HANCOCK COUNTY — About half of the students across the county who retook the high-stakes IREAD-3 exam this summer passed the test, boosting the countywide average to more than 96 percent.
Of the nearly 900 students from the county’s four school districts who took the exam in the spring, more than 92 percent passed, leaving 68 to retake it this summer. Thirty-four of those students passed the exam after receiving remediation in the spring, and 33 will move on to fourth grade. Most of the students who didn’t pass were waived to fourth grade because they have special education needs, and administrators felt they are progressing at an acceptable rate.
The state-mandated assessment is given to all third-grade students in the spring and determines whether their reading skills are proficient to move on to fourth grade.
This year’s results are similar to those from previous years. In 2014, 94 percent of third-graders passed in the spring, and about half of the 52 who retook the test in the summer passed, leaving nine to repeat third grade. In 2013, three students were retained to third grade as a result of the assessment.
Greenfield-Central associate superintendent Ann Vail said she’s pleased with her district’s final results — 10 of the 22 students who retook the exam passed, and none will be retained to third grade.
Still, the district is constantly looking for ways to improve those figures, she said.
“We really want to serve each student to the very best of our ability,” she said. “While our numbers do reflect that our teachers across the corporation are using the core reading program effectively, we’re always looking at how we can work to refine our interventions, so those students who need a little extra practice can gain those skills.”
Mt. Vernon School Corp. assistant superintendent Mike Horton said he, too, is satisfied with his district’s performance. Of the 19 students who retook the test earlier this summer, 12 passed, and six will be granted exemptions and move on in accordance with the district’s policy.
Horton said sometimes retention is necessary for a student’s long-term well-being. He added that many of the district’s students who drop out in high school weren’t reading at grade level in earlier years.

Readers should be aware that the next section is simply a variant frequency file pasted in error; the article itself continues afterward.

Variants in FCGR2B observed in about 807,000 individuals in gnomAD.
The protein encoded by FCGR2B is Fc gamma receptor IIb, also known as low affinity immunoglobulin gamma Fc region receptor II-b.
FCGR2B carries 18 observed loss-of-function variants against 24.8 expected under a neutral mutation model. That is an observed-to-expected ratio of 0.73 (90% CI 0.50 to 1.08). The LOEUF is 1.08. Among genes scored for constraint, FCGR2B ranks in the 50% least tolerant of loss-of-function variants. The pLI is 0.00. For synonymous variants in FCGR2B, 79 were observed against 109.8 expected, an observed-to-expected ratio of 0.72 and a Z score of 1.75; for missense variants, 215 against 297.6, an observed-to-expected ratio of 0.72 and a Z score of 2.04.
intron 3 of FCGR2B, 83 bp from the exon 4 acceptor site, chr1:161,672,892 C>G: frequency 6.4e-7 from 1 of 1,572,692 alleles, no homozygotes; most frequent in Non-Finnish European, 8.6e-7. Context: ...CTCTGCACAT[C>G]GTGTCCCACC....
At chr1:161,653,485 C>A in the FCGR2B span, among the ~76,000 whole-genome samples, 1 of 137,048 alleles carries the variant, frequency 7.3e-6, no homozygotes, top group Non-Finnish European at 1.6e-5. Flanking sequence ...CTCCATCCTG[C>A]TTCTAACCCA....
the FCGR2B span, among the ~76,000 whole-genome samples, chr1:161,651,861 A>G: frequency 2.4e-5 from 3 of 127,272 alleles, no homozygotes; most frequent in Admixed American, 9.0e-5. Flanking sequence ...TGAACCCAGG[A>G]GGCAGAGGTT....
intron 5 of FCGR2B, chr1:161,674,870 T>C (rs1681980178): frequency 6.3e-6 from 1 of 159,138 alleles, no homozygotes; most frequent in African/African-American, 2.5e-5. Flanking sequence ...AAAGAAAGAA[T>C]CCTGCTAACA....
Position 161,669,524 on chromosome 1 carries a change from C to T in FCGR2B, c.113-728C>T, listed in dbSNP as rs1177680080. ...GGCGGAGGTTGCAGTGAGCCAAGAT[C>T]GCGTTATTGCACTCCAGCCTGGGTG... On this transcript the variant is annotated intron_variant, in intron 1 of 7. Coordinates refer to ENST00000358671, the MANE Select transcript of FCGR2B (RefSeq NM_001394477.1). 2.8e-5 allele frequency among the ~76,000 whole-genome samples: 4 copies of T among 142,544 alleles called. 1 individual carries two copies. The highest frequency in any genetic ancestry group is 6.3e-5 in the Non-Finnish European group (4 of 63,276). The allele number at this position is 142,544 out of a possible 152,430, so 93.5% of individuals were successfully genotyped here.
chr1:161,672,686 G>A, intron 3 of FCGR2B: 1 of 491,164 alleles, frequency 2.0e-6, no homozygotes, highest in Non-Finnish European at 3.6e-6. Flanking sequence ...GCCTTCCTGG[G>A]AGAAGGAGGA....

“Our thought is it’s better for the students to regroup by repeating third grade,” he said.
At Eastern Hancock Elementary School, seven of the school’s 88 third-graders retook the exam, and two passed. None of the district’s third-graders will be retained as a result of the test.
Amanda Pyle, principal at Eastern Hancock Elementary, said the numbers are in line with what the district has seen in past years.
Though Pyle said she thinks IREAD-3 is a fair assessment, she doesn’t feel that the test tells the district anything its teachers don’t already know.
“We know our kids, and we’re constantly assessing them on a daily basis,” she said. “For a building our size, I don’t know if IREAD-3 is absolutely necessary.”
Southern Hancock School Corp. had 16 of the district’s 231 third-graders retake the test, 10 of whom passed. None of those who didn’t pass again will be retained, as all of them have special education plans.
The district has never retained a student to third grade as a result of the assessment, said Rhonda Peterson, curriculum director.
She credits the district’s remediation program, which begins as soon as the district has identified those who didn’t pass the exam in the spring and targets each student’s needs individually.
“We think it’s phenomenal that we’ve never had to retain anyone,” Peterson said.
She said retaining a student at third grade is far from ideal, and students are much better served if they repeat preschool or kindergarten.
“By the time students reach third grade, they’re learning at a more rapid rate,” Peterson said. “By third grade, the gap widens, and it takes significantly more remediation time for kiddos to get caught up.”
The Indiana Department of Education hasn’t yet released results for statewide averages after factoring in the retests.